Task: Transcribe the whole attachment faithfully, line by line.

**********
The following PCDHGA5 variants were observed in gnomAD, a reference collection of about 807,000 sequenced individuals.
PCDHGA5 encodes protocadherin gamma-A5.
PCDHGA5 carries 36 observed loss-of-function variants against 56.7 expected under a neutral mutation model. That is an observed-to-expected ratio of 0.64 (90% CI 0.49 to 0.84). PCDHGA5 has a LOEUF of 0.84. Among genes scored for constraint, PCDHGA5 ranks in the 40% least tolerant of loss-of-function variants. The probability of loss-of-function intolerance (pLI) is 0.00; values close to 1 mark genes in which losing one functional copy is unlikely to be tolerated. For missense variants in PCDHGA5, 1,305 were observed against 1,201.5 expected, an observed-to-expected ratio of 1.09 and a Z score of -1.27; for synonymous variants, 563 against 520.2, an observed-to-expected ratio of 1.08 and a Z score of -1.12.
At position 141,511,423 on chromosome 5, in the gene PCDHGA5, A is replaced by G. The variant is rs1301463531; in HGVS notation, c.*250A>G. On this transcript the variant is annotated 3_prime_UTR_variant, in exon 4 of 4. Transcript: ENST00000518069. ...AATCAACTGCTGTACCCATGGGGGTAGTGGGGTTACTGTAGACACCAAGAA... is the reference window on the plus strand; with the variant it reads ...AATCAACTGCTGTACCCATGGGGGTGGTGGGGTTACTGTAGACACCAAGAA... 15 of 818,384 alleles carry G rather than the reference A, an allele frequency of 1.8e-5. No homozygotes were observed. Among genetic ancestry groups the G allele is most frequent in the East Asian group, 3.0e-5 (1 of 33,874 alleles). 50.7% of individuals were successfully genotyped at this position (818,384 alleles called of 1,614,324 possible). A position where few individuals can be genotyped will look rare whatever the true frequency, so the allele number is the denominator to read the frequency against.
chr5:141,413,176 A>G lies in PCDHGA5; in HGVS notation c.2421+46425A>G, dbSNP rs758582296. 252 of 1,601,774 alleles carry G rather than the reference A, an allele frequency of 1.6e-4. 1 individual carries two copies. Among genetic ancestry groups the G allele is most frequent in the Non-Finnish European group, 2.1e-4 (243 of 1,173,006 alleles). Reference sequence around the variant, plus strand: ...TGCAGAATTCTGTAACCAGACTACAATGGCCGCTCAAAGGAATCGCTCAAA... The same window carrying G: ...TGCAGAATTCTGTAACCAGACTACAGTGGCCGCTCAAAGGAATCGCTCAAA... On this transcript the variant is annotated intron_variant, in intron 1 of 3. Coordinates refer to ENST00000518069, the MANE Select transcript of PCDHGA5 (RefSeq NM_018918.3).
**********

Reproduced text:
The following PCDHGA5 variants were observed in gnomAD, a reference collection of about 807,000 sequenced individuals.
PCDHGA5 encodes protocadherin gamma-A5.
PCDHGA5 carries 36 observed loss-of-function variants against 56.7 expected under a neutral mutation model. That is an observed-to-expected ratio of 0.64 (90% CI 0.49 to 0.84). PCDHGA5 has a LOEUF of 0.84. Among genes scored for constraint, PCDHGA5 ranks in the 40% least tolerant of loss-of-function variants. The probability of loss-of-function intolerance (pLI) is 0.00; values close to 1 mark genes in which losing one functional copy is unlikely to be tolerated. For missense variants in PCDHGA5, 1,305 were observed against 1,201.5 expected, an observed-to-expected ratio of 1.09 and a Z score of -1.27; for synonymous variants, 563 against 520.2, an observed-to-expected ratio of 1.08 and a Z score of -1.12.
At position 141,511,423 on chromosome 5, in the gene PCDHGA5, A is replaced by G. The variant is rs1301463531; in HGVS notation, c.*250A>G. On this transcript the variant is annotated 3_prime_UTR_variant, in exon 4 of 4. Transcript: ENST00000518069. ...AATCAACTGCTGTACCCATGGGGGTAGTGGGGTTACTGTAGACACCAAGAA... is the reference window on the plus strand; with the variant it reads ...AATCAACTGCTGTACCCATGGGGGTGGTGGGGTTACTGTAGACACCAAGAA... 15 of 818,384 alleles carry G rather than the reference A, an allele frequency of 1.8e-5. No homozygotes were observed. Among genetic ancestry groups the G allele is most frequent in the East Asian group, 3.0e-5 (1 of 33,874 alleles). 50.7% of individuals were successfully genotyped at this position (818,384 alleles called of 1,614,324 possible). A position where few individuals can be genotyped will look rare whatever the true frequency, so the allele number is the denominator to read the frequency against.
chr5:141,413,176 A>G lies in PCDHGA5; in HGVS notation c.2421+46425A>G, dbSNP rs758582296. 252 of 1,601,774 alleles carry G rather than the reference A, an allele frequency of 1.6e-4. 1 individual carries two copies. Among genetic ancestry groups the G allele is most frequent in the Non-Finnish European group, 2.1e-4 (243 of 1,173,006 alleles). Reference sequence around the variant, plus strand: ...TGCAGAATTCTGTAACCAGACTACAATGGCCGCTCAAAGGAATCGCTCAAA... The same window carrying G: ...TGCAGAATTCTGTAACCAGACTACAGTGGCCGCTCAAAGGAATCGCTCAAA... On this transcript the variant is annotated intron_variant, in intron 1 of 3. Coordinates refer to ENST00000518069, the MANE Select transcript of PCDHGA5 (RefSeq NM_018918.3).